Every morning on my way to work I pass by a children's school and hear them sing the national anthem. Beautiful and refreshing are their innocent voices honouring the lyrics written in 1971 with the establishment of the UAE. Thousands of children across the country do the same to show their patriotism.
The lyrics of the UAE national anthem, which start with "Long live my country. Long live the union of our Emirates" and continue to be recited by the children every morning, take special meaning during the current turmoil engulfing the region around us.
In times where governments in other countries break down in a matter of hours, in times where people fight amongst themselves, and as the disturbances make headlines in the newspapers, the children's innocent affirmation of their love towards their country reminds us that we still have a purpose to deliver and a higher goal to achieve. The purpose is unconditional love of the country we live in, and the goal is its stability and prosperity.
Flipping through the pages of the newspapers nowadays, I often come across advertisements calling for tribal meetings to express loyalty to the UAE and its leadership. Many tribes in the Emirates have held meetings in the past several weeks, and continue to do so, to reiterate their covenant to the country. A much-needed call in times of trouble.
The UAE system like in all Gulf countries is based on a tribal structure and that of large families. Each tribe has a representative who is elected by the members of the tribe and who speaks on the tribe's behalf.
The meetings held are anything but unconventional; they have been taking place for many years prior to the formation of the UAE. Tribes used to meet the state leaders on national occasions and other events throughout the year to reaffirm that all members of the tribe are supportive to the leadership and the system.
The tribe members in these meetings have assembled to renew their allegiance to the country's great symbols of unity, which are represented by the flag and the national anthem, the union and it's leader, President His Highness Shaikh Khalifa Bin Zayed Al Nahyan, the symbol of its sovereignty and unity.
We celebrate those symbols on a daily basis not only by hanging the pictures of our leaders high on our walls, but most importantly by believing and acting upon the words of the national anthem we memorise by heart and that are sung in schools every morning by the future of our nation, our children. Our celebration continues by carrying forward our beliefs and instilling them in the younger generations that follow.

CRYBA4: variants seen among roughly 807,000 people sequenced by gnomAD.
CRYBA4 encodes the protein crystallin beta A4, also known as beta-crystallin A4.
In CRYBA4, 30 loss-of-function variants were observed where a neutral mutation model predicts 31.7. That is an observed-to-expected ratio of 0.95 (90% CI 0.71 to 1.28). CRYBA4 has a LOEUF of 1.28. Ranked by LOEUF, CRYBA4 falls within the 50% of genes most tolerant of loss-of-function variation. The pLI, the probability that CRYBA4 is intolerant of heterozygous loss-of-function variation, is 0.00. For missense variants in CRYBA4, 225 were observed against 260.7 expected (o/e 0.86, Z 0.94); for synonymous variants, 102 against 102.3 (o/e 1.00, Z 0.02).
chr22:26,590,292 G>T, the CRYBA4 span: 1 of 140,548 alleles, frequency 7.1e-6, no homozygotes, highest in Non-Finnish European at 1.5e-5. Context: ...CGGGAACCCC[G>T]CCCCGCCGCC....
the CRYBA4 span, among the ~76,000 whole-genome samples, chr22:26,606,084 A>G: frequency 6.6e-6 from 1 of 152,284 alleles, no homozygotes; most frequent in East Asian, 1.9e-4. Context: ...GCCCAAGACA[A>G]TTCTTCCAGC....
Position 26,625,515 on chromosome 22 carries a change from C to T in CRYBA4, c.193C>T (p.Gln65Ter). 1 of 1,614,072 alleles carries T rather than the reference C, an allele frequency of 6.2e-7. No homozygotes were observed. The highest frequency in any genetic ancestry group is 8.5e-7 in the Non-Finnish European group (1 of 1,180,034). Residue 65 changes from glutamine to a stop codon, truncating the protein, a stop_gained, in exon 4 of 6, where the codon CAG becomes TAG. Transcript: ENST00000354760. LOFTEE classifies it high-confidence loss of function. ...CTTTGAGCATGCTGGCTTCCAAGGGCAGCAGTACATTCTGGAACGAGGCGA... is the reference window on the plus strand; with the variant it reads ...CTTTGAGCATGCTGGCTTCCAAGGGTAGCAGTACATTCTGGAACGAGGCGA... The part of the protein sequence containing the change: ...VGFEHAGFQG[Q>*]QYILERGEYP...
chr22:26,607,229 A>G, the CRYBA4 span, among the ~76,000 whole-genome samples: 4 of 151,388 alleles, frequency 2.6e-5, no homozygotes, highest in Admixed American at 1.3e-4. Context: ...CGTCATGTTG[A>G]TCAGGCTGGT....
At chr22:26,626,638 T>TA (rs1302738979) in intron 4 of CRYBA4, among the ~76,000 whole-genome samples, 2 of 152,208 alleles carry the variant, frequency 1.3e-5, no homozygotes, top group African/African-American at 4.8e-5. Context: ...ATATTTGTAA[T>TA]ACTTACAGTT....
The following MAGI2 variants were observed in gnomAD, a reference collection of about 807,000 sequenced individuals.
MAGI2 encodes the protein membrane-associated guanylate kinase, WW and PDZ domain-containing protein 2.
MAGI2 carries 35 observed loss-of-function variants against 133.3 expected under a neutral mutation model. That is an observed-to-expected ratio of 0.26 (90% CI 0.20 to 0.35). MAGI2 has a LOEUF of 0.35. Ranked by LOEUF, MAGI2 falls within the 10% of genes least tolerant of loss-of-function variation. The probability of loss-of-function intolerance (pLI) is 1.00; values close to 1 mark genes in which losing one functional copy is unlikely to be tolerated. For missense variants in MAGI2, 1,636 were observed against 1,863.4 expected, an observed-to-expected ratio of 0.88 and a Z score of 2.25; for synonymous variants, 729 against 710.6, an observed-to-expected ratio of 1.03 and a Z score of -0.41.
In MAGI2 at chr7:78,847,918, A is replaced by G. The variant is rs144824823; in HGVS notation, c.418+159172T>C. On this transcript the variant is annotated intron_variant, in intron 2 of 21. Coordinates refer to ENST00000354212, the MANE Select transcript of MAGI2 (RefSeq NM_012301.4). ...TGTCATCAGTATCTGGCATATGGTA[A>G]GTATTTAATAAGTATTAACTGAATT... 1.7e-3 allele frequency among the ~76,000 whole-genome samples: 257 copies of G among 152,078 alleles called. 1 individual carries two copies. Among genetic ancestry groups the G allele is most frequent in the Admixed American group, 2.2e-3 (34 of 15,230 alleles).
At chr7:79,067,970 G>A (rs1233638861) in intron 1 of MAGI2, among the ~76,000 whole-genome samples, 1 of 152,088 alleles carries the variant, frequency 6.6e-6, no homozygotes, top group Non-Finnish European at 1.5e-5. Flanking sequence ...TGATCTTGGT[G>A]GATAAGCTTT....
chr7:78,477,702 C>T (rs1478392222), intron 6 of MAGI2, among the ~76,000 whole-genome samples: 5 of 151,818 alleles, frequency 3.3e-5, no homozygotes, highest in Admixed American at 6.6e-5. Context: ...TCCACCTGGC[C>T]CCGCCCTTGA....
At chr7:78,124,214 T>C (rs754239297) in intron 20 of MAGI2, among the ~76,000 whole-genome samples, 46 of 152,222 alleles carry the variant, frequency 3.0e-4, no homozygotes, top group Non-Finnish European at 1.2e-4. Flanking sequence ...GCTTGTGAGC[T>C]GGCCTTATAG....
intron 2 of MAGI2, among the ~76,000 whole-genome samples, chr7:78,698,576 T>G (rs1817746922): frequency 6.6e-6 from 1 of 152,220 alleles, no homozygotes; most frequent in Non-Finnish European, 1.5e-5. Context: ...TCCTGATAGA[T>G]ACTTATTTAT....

The importance of the tribal meetings is not just in renewing those vows; but also the intangible ripple effect that it creates by spreading a sense of unity, harmony, and alliance. It ensures that we remain loyal to the country, to the leadership and the system, founded by the federation pioneers.
It is a reminder of how divided we were 40 years ago, and how united we are today. We have indeed progressed and our country has developed, and through this, our sense of patriotism remains intact. We will continue to stand for our country and for the flag that represents us.
The tribal meetings, which have been widely reported in the local media, were triggered by the recent events to assure that we are united. In good times or in bad; we remain supportive of our country and its symbols. The meetings serve as a platform to confirm that the feelings of patriotism and the acts of loyalty aren't grown by force; on the contrary they are a natural cultivation of the love fostered by the leadership.
The pledge of allegiance isn't a foreign idea to many who understand the unity of citizenship notion. It has been witnessed in many countries around the world and has been confirmed historically by the ancient Greeks and Romans, followed then by the European, English and American constitutions.
The pledge isn't necessarily a written document that is signed, or words that are said; it is the act of passion towards the country. We have been taught many lessons of love by our late president and the founding father of the nation, Shaikh Zayed Bin Sultan Al Nahyan.
From him we learnt to love and cherish the soil of this land; we learnt to appreciate the air that we breathe, we learnt to value the safety and security our country offers, and we learnt to embrace the solidarity of our people.
Our message to the world is: we the proud daughters and sons of the United Arab Emirates, pledge to remain honourable to our country, loyal to its leadership, dignified as the lyrics of the anthem, and united as a nation.
Sheikha Al Maskari is an Emirati writer based in Abu Dhabi.